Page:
Build it up, build it up, build it high…

Mankind is myriad in its forms. There are the bold, the brave, the meek, the mild, the lonely, the lost, the beloved, the boastful, the humble, the athletic, the academic. I could go on. But like some colossal, invisible Venn diagram, they fall, though inconveniently, into two circles: the Builders, and the Breakers.

To elaborate: there are those whose aim in life is to create, to conjure, or attempt to conjure, gold from base materials; whether that gold takes the form of ideas, food, music, grand architecture or just a home; whether it is modest, whispering in its size and sound, or vertiginous in its scope and achievement. Then there are those who scorn, scoff, belittle, berate, destroy others’ efforts, to justify their own misery, their own failure to either achieve or attempt to achieve. In that sliver between, there are those who want to build, who do build, but who seek to trample those around them as they go, to assure that their tower is the highest, or the only one standing.

This is not an author’s attempt to demonise critics – paid or unpaid – though I do find their occupation a sad and strange one. This goes farther than art, into the social, the political: those who endlessly moan “this country is going to the dogs” because the morning paper has told them so; those who refuse to vote because it “won’t change anything”; those who dismiss anything that doesn’t fit their narrow concept of cool as dire, dross, drivel; those who dismiss the hip as the same; those who demand excellence and then, when it is attained, say “they cannot be that good, they must have cheated”.

These are people who have given up on happiness. Yet they fail to see that happiness is not something that can be pursued and then held aloft like a prize, a gleaming, solid trophy in silver, to be sat on the mantelpiece until dust and death come creeping. It is fleeting, nothing more than Kodak moments – whether they last minutes or years – and sometimes it is the pursuit itself that is the pure joy. Nothing gets changed for the better by sitting, grim, on the sofa and shouting at the television or the paper or typing a self-satisfied, scathing comment into the convenient box on a website and hitting “send”.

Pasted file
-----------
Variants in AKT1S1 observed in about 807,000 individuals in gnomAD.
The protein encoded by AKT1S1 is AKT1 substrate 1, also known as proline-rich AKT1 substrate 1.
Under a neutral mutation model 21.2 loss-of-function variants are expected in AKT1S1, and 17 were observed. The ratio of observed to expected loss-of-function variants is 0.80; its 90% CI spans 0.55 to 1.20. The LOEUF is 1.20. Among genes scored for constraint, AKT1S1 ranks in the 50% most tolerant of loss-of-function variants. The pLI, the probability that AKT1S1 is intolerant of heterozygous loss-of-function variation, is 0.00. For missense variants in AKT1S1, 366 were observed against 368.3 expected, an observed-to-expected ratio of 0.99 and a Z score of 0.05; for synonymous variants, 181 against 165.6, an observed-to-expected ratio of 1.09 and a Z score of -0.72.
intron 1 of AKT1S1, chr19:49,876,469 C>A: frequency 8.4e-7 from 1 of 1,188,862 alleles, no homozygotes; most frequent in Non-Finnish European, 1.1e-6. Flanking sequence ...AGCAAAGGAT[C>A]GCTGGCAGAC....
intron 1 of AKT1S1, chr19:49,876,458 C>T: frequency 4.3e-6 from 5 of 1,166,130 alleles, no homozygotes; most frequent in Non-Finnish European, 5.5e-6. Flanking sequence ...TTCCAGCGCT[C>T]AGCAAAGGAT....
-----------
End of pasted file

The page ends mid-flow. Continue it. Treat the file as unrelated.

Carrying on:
We need to chase happiness, hold on to it for as long as we can before it flits from our net, butterfly-like into the distance. Then chase it again down the long, yellow road we have laid ourselves, brick by tricky brick.

We need to build. And let others do the same.

About Joanna Nadin

A former broadcast journalist and special adviser to the prime minister, since leaving politics I’ve written more than 80 books for children and adults, as well as speeches for politicians, and articles for newspapers and magazines like The Guardian, Red and The Amorist. I also lecture in Creative Writing at Bath Spa University, and hold a doctorate in young adult literature. I’m a winner of the Fantastic Book Award and the Surrey Book Award, and have been shortlisted for the Roald Dahl Funny Prize, the Booktrust Best Book award and Queen of Teen among others, and twice nominated for the Carnegie Medal, for Everybody Hurts, and for Joe All Alone, which is now a BAFTA-winning and Emmy-nominated BBC TV series. I've also worked with Sir Chris Hoy on the Flying Fergus series and ghost-written Angry Birds under another name. I like London, New York, Essex, tea, cake, Marmite, mint imperials, prom dresses, pubs, that bit in the West Wing where Donna tells Josh she wouldn’t stop for a red light if he was in an accident, junk shops, crisps, Cornwall, St Custard’s, Portuguese custard tarts, political geeks, pin-up swimsuits, the Regency, high heels, horses, old songs, my Grandma’s fur coat, vinyl, liner notes, the smell of old books, the feel of a velveteen monkey, Guinness, quiffs, putting my hand in a bin of chicken feed, the 1950s, burlesque, automata, fiddles, flaneuring, gigs in fields on warm summer nights, Bath, the bath.
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2 Responses to Build it up, build it up, build it high…

  1. Matthew Fryett says:

    “He who binds to himself a joy,
    Does the winged life destroy.
    But he who kisses the joy as it flies,
    Lives in eternity’s sunrise.”

    Or she, I suppose. That’s Eternity by William Blake. A favourite of mine since secondary school because it seemed to put my feelings into words (and it’s short enough to remember which is handy).

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